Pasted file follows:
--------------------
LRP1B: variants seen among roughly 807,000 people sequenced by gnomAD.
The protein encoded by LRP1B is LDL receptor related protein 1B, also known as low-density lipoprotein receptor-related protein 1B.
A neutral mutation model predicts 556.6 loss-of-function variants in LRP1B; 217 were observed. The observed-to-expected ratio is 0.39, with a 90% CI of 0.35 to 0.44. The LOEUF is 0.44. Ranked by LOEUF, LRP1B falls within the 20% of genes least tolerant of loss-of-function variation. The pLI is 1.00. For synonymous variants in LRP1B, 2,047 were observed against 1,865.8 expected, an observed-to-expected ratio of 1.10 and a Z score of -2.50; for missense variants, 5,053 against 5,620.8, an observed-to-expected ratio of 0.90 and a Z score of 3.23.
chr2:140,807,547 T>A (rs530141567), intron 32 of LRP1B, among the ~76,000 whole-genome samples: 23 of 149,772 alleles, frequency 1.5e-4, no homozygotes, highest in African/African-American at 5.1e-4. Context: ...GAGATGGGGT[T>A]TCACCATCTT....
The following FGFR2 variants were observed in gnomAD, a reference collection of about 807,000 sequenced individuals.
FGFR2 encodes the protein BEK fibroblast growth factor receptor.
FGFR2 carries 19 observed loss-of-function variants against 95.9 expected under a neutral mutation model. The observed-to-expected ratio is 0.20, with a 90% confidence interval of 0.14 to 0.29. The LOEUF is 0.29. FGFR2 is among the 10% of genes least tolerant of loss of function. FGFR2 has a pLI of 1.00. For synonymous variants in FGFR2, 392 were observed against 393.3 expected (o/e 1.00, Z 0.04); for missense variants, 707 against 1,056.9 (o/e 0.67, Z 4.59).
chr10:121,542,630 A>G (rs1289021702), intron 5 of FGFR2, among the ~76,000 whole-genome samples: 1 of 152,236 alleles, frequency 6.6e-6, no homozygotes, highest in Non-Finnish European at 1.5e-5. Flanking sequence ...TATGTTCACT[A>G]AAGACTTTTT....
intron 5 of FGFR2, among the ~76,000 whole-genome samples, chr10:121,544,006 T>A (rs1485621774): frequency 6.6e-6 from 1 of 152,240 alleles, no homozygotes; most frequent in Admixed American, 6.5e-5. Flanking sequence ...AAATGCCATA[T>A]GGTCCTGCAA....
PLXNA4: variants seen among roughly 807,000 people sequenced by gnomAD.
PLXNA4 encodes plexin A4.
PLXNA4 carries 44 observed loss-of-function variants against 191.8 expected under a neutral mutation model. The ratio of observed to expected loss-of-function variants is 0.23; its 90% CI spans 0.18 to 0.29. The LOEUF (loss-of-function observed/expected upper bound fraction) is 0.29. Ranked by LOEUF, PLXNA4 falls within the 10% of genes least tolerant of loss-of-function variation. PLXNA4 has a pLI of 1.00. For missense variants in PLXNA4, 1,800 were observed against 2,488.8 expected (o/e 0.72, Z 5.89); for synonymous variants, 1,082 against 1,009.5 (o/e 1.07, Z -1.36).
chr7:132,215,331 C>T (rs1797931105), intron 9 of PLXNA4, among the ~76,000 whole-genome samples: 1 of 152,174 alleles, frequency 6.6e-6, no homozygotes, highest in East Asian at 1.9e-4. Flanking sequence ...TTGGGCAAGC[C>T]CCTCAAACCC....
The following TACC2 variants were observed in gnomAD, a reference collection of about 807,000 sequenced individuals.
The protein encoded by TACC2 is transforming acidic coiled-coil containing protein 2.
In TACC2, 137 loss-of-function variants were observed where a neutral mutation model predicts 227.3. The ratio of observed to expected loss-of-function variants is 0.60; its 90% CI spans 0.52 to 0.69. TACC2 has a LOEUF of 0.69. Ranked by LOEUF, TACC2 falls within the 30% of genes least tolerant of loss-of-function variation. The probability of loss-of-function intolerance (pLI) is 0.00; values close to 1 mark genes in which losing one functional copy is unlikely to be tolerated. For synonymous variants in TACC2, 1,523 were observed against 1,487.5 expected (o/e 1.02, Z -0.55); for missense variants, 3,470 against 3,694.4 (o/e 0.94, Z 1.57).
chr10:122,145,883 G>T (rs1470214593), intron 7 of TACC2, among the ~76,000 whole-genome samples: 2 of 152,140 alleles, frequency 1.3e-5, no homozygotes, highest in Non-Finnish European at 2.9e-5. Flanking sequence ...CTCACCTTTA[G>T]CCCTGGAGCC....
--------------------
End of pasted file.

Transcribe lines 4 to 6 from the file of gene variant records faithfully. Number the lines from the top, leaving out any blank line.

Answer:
chr2:140,807,547 T>A (rs530141567), intron 32 of LRP1B, among the ~76,000 whole-genome samples: 23 of 149,772 alleles, frequency 1.5e-4, no homozygotes, highest in African/African-American at 5.1e-4. Context: ...GAGATGGGGT[T>A]TCACCATCTT....
The following FGFR2 variants were observed in gnomAD, a reference collection of about 807,000 sequenced individuals.
FGFR2 encodes the protein BEK fibroblast growth factor receptor.